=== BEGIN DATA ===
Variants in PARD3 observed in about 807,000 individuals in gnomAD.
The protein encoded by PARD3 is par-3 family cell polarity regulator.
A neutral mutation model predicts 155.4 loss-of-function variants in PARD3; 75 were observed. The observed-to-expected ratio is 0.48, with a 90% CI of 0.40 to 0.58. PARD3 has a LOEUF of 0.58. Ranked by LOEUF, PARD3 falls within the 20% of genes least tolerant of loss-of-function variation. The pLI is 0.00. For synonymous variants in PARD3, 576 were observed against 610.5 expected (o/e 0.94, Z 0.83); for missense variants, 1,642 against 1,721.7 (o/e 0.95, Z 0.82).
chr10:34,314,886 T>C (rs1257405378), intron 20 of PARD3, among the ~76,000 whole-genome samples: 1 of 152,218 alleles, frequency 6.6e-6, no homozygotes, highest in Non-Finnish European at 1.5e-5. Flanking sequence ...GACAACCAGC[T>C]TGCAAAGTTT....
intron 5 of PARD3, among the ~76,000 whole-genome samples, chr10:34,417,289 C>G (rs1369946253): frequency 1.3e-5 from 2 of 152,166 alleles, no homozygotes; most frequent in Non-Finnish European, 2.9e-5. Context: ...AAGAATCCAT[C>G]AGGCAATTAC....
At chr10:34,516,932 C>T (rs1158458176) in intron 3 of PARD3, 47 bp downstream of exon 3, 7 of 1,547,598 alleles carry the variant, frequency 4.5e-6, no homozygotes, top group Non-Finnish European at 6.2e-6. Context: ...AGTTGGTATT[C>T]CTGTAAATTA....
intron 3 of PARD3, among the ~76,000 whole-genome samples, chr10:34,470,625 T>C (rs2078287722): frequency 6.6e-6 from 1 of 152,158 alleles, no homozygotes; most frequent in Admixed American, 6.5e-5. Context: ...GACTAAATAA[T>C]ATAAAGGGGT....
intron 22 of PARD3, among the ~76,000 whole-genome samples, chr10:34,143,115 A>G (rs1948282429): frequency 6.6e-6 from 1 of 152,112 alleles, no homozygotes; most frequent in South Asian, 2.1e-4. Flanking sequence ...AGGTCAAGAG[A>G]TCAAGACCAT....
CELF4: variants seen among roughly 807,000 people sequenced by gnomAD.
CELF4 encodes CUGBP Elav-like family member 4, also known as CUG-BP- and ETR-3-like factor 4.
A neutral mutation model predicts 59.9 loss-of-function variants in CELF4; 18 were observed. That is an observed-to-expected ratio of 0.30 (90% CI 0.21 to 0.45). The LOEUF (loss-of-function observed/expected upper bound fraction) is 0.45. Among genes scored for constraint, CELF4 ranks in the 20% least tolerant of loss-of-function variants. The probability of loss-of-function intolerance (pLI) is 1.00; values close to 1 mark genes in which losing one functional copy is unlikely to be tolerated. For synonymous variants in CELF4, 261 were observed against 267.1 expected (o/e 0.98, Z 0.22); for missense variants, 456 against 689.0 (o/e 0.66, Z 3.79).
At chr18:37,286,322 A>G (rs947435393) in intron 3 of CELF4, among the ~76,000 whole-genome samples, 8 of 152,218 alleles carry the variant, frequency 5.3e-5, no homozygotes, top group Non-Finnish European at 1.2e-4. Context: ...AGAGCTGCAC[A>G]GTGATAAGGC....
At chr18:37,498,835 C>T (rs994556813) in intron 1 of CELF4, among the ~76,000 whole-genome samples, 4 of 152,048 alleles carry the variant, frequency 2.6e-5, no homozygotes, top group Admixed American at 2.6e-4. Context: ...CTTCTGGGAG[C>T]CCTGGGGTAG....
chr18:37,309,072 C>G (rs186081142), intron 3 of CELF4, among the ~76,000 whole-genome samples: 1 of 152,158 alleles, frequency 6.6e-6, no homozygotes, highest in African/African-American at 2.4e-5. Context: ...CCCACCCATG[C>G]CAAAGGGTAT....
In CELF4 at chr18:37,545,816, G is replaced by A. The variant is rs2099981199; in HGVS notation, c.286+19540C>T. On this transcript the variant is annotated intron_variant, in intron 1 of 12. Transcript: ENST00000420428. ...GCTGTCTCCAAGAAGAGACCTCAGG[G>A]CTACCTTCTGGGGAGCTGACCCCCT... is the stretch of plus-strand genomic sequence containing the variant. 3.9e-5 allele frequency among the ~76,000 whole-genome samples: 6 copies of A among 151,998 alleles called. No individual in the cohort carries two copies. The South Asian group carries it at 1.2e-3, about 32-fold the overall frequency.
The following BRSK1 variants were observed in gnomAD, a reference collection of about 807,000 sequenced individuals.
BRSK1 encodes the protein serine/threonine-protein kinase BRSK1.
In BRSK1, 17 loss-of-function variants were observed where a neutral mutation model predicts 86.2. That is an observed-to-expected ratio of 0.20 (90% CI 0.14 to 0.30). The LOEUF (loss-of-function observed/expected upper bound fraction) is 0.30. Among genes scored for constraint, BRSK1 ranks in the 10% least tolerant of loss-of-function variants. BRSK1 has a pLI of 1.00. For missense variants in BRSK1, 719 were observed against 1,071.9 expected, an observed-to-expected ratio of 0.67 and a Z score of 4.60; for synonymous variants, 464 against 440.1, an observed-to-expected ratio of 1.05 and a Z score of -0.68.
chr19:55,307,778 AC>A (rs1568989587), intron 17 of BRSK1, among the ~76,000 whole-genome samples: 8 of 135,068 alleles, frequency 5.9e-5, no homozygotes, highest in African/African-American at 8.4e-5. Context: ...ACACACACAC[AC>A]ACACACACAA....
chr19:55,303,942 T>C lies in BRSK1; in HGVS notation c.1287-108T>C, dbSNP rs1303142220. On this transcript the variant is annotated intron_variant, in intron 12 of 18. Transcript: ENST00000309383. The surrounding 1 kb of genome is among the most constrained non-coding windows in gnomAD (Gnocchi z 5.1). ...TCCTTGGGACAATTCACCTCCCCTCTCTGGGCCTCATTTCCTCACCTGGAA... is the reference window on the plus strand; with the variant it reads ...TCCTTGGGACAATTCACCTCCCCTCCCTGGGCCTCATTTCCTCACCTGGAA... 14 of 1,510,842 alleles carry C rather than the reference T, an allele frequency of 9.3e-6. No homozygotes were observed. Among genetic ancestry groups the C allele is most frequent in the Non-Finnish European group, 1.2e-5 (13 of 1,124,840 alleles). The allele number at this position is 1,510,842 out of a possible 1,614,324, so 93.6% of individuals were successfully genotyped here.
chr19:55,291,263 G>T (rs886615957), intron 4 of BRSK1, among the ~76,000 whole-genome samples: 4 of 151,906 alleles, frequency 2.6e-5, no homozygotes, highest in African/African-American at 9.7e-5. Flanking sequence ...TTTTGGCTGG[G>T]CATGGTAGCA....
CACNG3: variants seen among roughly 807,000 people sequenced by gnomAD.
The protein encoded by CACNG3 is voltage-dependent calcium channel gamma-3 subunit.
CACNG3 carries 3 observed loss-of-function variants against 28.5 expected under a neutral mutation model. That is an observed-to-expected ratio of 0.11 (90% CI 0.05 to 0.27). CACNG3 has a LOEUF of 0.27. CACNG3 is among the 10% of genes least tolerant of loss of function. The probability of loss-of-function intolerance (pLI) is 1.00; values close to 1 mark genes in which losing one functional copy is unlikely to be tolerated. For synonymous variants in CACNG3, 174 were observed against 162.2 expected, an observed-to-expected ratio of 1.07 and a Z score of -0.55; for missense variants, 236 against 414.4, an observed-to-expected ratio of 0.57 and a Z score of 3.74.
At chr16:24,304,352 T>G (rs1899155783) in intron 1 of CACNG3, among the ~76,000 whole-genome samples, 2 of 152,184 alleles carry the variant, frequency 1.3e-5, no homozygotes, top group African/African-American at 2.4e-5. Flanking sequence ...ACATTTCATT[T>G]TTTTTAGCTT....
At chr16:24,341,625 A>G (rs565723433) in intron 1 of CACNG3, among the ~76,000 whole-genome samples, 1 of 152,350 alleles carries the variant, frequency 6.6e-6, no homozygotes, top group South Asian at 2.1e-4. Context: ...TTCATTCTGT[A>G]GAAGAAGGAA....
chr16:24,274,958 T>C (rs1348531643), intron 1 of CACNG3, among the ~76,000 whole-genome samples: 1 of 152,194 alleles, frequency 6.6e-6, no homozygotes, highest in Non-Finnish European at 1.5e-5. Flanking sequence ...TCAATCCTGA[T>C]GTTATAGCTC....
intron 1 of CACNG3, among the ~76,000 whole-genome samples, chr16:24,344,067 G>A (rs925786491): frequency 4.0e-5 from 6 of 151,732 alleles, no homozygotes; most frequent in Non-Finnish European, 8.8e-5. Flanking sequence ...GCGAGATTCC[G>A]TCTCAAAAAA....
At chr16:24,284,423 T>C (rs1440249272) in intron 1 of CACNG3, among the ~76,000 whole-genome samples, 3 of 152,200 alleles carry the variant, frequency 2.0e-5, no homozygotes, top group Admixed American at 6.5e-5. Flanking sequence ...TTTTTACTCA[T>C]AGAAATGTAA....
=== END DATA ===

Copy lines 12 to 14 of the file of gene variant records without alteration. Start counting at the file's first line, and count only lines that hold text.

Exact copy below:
At chr18:37,286,322 A>G (rs947435393) in intron 3 of CELF4, among the ~76,000 whole-genome samples, 8 of 152,218 alleles carry the variant, frequency 5.3e-5, no homozygotes, top group Non-Finnish European at 1.2e-4. Context: ...AGAGCTGCAC[A>G]GTGATAAGGC....
At chr18:37,498,835 C>T (rs994556813) in intron 1 of CELF4, among the ~76,000 whole-genome samples, 4 of 152,048 alleles carry the variant, frequency 2.6e-5, no homozygotes, top group Admixed American at 2.6e-4. Context: ...CTTCTGGGAG[C>T]CCTGGGGTAG....
chr18:37,309,072 C>G (rs186081142), intron 3 of CELF4, among the ~76,000 whole-genome samples: 1 of 152,158 alleles, frequency 6.6e-6, no homozygotes, highest in African/African-American at 2.4e-5. Context: ...CCCACCCATG[C>G]CAAAGGGTAT....